On April 27, a 3-year-old Quarter Horse filly in Okmulgee County, Oklahoma, was confirmed positive for equine infectious anemia (EIA) during annual testing. The horse was not showing any signs of disease.
The positive horse has since been euthanized and removed from the premises by state and federal health officials. There were no additional horses on the premises, but 20 horses within 200 yards of the premises are under official quarantine. The horses have all tested negative and will be retested in a minimum of 60 days from the time the positive horse was removed.
EDCC Health Watch is an Equine Network marketing program that utilizes information from the Equine Disease Communication Center (EDCC) to create and disseminate verified equine disease reports. The EDCC is an independent nonprofit organization that is supported by industry donations in order to provide open access to infectious disease information.
Equine infectious anemia is a viral disease that attacks horses’ immune systems. The virus is transmitted through the exchange of body fluids from an infected to an uninfected animal, often by blood-feeding insects such as horseflies. It can also be transmitted through the use of blood-contaminated instruments or needles.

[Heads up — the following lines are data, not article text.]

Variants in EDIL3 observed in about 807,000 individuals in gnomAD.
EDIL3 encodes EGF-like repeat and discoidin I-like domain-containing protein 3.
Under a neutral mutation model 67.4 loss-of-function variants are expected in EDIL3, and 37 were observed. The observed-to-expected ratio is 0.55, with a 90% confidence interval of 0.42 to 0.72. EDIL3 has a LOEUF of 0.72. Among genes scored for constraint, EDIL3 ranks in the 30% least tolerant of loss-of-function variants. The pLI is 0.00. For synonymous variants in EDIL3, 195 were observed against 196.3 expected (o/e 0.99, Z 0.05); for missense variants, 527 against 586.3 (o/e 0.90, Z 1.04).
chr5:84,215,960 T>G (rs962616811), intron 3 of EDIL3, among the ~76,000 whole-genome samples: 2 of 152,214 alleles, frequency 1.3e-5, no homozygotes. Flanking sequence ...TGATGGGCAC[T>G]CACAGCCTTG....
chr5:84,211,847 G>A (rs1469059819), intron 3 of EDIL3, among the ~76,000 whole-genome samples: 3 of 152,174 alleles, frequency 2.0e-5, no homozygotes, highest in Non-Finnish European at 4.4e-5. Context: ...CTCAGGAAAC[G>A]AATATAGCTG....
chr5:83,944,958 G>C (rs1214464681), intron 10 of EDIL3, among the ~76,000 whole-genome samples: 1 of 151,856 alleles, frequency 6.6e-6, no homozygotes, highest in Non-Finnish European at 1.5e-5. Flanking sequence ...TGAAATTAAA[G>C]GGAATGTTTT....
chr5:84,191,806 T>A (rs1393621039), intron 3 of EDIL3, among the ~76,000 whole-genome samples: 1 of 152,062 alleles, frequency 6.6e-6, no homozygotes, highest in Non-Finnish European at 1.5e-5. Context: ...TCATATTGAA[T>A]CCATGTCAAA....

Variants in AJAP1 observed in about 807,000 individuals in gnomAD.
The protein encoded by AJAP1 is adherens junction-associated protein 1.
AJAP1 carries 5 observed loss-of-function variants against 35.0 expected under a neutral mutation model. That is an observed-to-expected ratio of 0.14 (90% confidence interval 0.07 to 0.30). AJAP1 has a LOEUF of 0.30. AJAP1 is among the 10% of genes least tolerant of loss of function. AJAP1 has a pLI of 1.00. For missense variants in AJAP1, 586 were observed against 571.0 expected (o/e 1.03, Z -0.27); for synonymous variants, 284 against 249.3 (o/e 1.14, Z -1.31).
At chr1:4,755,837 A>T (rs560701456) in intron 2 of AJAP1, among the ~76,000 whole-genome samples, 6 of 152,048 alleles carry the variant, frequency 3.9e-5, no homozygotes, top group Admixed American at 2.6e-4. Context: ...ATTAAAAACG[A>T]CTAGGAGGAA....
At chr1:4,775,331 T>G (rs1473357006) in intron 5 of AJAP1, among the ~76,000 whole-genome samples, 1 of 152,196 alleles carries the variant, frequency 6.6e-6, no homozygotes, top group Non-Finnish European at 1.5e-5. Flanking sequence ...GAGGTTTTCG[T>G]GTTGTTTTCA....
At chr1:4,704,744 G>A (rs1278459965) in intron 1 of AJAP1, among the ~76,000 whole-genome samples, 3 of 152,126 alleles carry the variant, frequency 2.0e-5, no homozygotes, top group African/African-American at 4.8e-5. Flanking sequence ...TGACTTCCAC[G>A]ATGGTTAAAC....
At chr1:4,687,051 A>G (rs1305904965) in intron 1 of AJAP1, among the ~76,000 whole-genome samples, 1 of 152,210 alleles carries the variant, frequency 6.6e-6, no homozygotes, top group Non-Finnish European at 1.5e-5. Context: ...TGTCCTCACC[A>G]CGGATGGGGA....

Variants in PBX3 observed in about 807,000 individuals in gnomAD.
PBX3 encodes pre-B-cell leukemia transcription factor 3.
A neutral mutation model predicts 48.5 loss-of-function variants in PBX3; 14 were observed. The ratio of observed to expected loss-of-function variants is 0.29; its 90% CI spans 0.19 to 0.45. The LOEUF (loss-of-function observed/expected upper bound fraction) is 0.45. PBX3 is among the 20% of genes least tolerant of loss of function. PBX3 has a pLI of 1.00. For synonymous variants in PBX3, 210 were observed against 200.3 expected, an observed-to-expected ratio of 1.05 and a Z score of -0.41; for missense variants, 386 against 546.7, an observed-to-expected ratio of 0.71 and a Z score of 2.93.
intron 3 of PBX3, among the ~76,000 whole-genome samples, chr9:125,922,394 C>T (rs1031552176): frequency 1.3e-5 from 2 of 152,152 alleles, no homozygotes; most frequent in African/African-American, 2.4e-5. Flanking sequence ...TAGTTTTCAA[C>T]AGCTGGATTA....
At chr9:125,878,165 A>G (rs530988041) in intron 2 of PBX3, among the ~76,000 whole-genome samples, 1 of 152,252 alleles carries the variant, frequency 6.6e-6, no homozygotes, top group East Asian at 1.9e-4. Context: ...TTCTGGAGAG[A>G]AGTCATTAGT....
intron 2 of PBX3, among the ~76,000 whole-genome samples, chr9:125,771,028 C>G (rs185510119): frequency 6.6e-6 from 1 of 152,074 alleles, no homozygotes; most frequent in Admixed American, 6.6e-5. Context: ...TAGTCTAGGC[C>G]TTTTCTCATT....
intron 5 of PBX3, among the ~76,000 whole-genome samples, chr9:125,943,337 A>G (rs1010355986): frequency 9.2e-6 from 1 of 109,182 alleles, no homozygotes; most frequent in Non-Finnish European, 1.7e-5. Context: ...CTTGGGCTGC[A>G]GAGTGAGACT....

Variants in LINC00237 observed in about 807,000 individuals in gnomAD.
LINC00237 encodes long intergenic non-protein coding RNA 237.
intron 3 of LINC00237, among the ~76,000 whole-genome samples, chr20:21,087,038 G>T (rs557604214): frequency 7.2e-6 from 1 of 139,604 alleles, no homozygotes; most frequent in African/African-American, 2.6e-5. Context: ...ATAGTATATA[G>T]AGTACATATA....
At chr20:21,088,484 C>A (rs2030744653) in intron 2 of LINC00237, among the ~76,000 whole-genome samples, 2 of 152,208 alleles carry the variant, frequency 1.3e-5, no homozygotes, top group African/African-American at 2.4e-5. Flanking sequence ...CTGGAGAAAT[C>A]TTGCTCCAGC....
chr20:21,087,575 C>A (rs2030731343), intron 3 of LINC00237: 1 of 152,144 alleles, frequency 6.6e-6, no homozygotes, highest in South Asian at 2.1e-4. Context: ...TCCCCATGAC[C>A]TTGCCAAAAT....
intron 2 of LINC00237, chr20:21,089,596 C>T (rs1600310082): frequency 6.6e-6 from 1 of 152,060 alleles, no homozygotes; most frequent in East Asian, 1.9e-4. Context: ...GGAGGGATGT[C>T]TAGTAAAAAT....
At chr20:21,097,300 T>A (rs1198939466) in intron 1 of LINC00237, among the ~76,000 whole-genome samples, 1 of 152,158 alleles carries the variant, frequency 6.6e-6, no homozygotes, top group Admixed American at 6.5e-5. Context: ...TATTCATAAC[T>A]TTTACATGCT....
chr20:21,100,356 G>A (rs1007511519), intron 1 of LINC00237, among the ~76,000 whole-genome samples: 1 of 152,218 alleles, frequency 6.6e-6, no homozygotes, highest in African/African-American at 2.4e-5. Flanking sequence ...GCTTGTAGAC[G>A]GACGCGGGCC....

A Coggins test screens horses’ blood for antibodies that are indicative of the presence of the EIA virus. Most U.S. states require horses to have proof of a negative Coggins test to travel across state lines.
Once an animal is infected with EIA, it is infected for life and can be a reservoir for the spread of disease. Not all horses show signs of disease, but those that do can exhibit:
- Progressive body condition loss;
- Muscle weakness;
- Poor stamina;
- Depression; and
EIA has no vaccine and no cure. A horse diagnosed with the disease dies, is euthanized, or must be placed under extremely strict quarantine conditions (at least 200 yards away from unaffected equids) for the rest of his life.